Lot’s of things come in threes. You can’t get fire unless you have heat, fuel and oxygen and a great swing just needs a tree, a tire and some rope. Turns out that you also can’t get to a least privilege environment unless you’ve dealt with the intersection of policy, technology and people.
Achieving least privilege isn’t as elusive as one might perceive and it certainly is one of the key requirements to eliminate the misuse of privilege throughout the extended enterprise (physical servers and desktops, cloud and virtual environments) or to greatly mitigate the risk of an insider breach. We have reported extensively on the cost of intentional, accidental and indirect misuse of privilege as well as highlighted numerous examples where insider breaches have cost organizations millions of dollars in the blog over the last year.
So why is it that most organizations still struggle with the decision to implement a least privilege solution let alone the steps necessary to implement it correctly? All too often, the solution is simple if one just steps back and chooses not to over-complicate the requirements. In this case the 3 step process would be:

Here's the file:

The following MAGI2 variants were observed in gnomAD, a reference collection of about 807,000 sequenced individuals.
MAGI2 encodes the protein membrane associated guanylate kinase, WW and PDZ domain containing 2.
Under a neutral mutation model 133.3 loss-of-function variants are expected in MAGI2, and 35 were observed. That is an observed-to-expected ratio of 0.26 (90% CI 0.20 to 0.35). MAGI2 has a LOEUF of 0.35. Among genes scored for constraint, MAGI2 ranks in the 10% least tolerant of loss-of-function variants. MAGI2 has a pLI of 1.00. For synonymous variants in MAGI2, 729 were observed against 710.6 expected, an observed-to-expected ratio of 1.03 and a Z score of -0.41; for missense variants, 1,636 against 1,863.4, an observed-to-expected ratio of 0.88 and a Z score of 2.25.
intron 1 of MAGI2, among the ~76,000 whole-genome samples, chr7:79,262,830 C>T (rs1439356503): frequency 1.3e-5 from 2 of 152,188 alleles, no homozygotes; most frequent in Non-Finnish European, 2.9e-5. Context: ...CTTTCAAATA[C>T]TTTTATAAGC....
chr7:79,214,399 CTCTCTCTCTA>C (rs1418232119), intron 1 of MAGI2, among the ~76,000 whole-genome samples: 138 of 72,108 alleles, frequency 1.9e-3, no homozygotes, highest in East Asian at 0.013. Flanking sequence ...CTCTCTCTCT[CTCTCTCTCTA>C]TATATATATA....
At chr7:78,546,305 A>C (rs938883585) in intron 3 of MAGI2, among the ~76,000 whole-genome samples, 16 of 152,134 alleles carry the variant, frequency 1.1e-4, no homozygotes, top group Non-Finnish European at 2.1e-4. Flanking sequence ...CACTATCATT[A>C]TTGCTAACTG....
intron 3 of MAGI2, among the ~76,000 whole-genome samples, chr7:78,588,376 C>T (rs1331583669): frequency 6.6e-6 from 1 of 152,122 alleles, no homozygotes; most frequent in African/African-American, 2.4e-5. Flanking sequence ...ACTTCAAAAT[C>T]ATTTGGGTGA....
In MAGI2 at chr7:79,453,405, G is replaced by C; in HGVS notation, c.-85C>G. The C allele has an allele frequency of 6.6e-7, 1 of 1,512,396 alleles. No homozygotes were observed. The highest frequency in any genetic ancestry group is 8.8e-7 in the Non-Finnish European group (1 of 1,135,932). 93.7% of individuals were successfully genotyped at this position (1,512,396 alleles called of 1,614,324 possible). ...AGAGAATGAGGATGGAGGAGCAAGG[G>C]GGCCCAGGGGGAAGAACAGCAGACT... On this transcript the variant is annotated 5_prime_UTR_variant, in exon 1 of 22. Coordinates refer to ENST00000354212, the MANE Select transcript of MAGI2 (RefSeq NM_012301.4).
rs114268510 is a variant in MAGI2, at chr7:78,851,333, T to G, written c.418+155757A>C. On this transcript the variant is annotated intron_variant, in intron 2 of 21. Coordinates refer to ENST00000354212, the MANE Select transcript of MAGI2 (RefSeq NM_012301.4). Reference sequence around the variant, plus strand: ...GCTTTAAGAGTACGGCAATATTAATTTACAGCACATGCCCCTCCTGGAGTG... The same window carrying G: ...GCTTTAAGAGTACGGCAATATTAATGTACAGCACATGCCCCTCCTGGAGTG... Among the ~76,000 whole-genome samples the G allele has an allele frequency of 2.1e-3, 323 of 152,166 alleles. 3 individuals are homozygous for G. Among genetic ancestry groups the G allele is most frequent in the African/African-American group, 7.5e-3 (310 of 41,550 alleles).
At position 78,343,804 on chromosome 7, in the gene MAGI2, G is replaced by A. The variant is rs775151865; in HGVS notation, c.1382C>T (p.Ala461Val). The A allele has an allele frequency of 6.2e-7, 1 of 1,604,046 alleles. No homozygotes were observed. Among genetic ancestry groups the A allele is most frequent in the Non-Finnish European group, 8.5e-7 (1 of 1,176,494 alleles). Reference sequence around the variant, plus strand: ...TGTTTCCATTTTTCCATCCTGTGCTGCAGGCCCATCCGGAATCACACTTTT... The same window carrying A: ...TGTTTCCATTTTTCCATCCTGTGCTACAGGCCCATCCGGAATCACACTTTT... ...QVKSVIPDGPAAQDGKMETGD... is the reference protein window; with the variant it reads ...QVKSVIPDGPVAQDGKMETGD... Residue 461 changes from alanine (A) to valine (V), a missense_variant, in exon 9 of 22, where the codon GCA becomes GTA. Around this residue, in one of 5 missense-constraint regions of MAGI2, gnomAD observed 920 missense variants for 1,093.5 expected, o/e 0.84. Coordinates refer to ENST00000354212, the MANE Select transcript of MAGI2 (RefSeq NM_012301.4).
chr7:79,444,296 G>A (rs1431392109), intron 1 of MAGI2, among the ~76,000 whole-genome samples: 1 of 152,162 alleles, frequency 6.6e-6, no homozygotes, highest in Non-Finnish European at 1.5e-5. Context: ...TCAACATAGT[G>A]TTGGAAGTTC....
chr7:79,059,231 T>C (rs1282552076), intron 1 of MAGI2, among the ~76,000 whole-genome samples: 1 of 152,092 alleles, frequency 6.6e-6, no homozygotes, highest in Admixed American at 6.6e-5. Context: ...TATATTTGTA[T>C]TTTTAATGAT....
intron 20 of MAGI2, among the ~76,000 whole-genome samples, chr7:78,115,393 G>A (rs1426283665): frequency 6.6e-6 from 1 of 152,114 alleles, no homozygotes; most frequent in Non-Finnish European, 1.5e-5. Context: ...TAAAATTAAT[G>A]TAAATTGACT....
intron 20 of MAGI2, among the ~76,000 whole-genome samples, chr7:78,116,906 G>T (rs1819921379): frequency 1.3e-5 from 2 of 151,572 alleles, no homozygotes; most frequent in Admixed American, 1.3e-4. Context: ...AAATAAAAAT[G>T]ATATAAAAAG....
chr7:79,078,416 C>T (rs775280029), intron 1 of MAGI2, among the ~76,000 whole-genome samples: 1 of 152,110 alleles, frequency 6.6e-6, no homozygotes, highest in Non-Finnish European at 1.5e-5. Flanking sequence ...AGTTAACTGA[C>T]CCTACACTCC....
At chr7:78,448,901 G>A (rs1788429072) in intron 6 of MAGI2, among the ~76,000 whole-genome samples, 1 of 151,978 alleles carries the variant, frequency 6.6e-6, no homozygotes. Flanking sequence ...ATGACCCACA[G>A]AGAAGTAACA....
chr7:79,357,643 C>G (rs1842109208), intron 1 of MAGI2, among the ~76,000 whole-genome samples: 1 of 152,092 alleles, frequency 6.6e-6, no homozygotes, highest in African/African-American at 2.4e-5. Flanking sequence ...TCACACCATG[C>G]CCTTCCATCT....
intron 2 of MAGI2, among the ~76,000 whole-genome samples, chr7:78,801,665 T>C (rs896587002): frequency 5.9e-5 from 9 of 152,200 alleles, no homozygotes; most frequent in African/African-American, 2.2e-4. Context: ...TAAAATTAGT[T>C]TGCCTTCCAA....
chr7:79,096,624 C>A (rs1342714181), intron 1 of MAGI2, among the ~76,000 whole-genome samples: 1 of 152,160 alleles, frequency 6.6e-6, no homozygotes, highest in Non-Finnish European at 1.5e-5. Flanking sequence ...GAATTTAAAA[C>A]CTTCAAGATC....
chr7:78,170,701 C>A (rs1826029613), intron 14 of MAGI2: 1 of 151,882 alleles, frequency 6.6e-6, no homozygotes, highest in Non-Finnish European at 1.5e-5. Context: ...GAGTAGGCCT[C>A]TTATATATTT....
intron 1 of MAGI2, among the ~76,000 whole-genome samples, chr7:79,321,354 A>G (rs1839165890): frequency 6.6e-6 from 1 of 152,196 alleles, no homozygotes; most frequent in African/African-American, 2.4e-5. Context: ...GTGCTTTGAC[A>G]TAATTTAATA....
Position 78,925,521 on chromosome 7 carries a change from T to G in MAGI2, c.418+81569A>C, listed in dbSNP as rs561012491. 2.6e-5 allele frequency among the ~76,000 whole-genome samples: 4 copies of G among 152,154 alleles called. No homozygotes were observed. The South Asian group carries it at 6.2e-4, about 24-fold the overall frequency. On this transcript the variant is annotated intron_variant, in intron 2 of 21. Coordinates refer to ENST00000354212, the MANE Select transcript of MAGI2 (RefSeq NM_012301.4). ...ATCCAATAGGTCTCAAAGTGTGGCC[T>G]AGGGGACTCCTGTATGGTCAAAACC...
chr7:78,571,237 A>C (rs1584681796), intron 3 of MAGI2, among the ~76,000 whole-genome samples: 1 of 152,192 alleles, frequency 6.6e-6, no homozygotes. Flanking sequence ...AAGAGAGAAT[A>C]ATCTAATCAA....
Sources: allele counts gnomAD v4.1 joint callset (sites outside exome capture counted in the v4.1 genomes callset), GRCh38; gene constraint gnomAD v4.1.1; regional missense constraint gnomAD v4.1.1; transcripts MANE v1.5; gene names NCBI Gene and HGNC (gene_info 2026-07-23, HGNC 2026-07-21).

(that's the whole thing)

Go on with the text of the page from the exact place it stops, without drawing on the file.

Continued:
Decide to invest in eliminating insider threats with as much tenacity and urgency as you have in preventing outsider threats.
Determine which roles (people) should have access/authorization to do what (policy) and implement a least privilege solution (technology) that enforces those policies to those people.
Monitor, measure and refine for further improvements as well as satisfy governance and compliance audit requirements.